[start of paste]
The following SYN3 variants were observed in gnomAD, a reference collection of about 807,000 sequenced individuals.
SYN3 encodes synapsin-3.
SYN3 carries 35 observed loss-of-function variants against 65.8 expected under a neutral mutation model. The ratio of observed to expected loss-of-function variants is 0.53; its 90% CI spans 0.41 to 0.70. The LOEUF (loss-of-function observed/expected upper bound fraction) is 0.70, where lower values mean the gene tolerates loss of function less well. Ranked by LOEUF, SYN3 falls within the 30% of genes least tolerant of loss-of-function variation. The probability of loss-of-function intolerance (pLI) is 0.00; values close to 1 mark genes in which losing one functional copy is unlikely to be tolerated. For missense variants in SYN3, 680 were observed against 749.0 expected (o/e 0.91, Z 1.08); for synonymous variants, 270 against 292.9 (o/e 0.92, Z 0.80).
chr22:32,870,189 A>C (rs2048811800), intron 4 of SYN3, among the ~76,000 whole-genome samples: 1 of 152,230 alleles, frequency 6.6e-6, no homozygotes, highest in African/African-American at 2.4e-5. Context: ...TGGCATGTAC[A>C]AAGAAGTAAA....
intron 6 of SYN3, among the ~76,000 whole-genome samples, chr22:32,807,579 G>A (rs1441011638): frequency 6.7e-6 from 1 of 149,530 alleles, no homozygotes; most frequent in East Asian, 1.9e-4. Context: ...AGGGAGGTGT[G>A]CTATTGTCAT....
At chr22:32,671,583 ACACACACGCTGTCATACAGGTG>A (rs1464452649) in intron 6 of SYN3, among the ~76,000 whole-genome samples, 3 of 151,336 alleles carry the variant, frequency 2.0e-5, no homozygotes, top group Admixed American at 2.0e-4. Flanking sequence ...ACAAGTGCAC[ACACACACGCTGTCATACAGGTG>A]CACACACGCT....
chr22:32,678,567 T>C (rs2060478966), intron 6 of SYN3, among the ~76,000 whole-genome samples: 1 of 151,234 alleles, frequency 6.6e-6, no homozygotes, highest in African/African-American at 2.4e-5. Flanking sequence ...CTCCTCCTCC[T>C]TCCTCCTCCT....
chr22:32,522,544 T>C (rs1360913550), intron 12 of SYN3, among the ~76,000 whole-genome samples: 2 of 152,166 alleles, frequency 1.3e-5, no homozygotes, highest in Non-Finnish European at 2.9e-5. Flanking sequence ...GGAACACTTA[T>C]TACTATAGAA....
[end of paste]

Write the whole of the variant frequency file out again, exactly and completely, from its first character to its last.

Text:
The following SYN3 variants were observed in gnomAD, a reference collection of about 807,000 sequenced individuals.
SYN3 encodes synapsin-3.
SYN3 carries 35 observed loss-of-function variants against 65.8 expected under a neutral mutation model. The ratio of observed to expected loss-of-function variants is 0.53; its 90% CI spans 0.41 to 0.70. The LOEUF (loss-of-function observed/expected upper bound fraction) is 0.70, where lower values mean the gene tolerates loss of function less well. Ranked by LOEUF, SYN3 falls within the 30% of genes least tolerant of loss-of-function variation. The probability of loss-of-function intolerance (pLI) is 0.00; values close to 1 mark genes in which losing one functional copy is unlikely to be tolerated. For missense variants in SYN3, 680 were observed against 749.0 expected (o/e 0.91, Z 1.08); for synonymous variants, 270 against 292.9 (o/e 0.92, Z 0.80).
chr22:32,870,189 A>C (rs2048811800), intron 4 of SYN3, among the ~76,000 whole-genome samples: 1 of 152,230 alleles, frequency 6.6e-6, no homozygotes, highest in African/African-American at 2.4e-5. Context: ...TGGCATGTAC[A>C]AAGAAGTAAA....
intron 6 of SYN3, among the ~76,000 whole-genome samples, chr22:32,807,579 G>A (rs1441011638): frequency 6.7e-6 from 1 of 149,530 alleles, no homozygotes; most frequent in East Asian, 1.9e-4. Context: ...AGGGAGGTGT[G>A]CTATTGTCAT....
At chr22:32,671,583 ACACACACGCTGTCATACAGGTG>A (rs1464452649) in intron 6 of SYN3, among the ~76,000 whole-genome samples, 3 of 151,336 alleles carry the variant, frequency 2.0e-5, no homozygotes, top group Admixed American at 2.0e-4. Flanking sequence ...ACAAGTGCAC[ACACACACGCTGTCATACAGGTG>A]CACACACGCT....
chr22:32,678,567 T>C (rs2060478966), intron 6 of SYN3, among the ~76,000 whole-genome samples: 1 of 151,234 alleles, frequency 6.6e-6, no homozygotes, highest in African/African-American at 2.4e-5. Flanking sequence ...CTCCTCCTCC[T>C]TCCTCCTCCT....
chr22:32,522,544 T>C (rs1360913550), intron 12 of SYN3, among the ~76,000 whole-genome samples: 2 of 152,166 alleles, frequency 1.3e-5, no homozygotes, highest in Non-Finnish European at 2.9e-5. Flanking sequence ...GGAACACTTA[T>C]TACTATAGAA....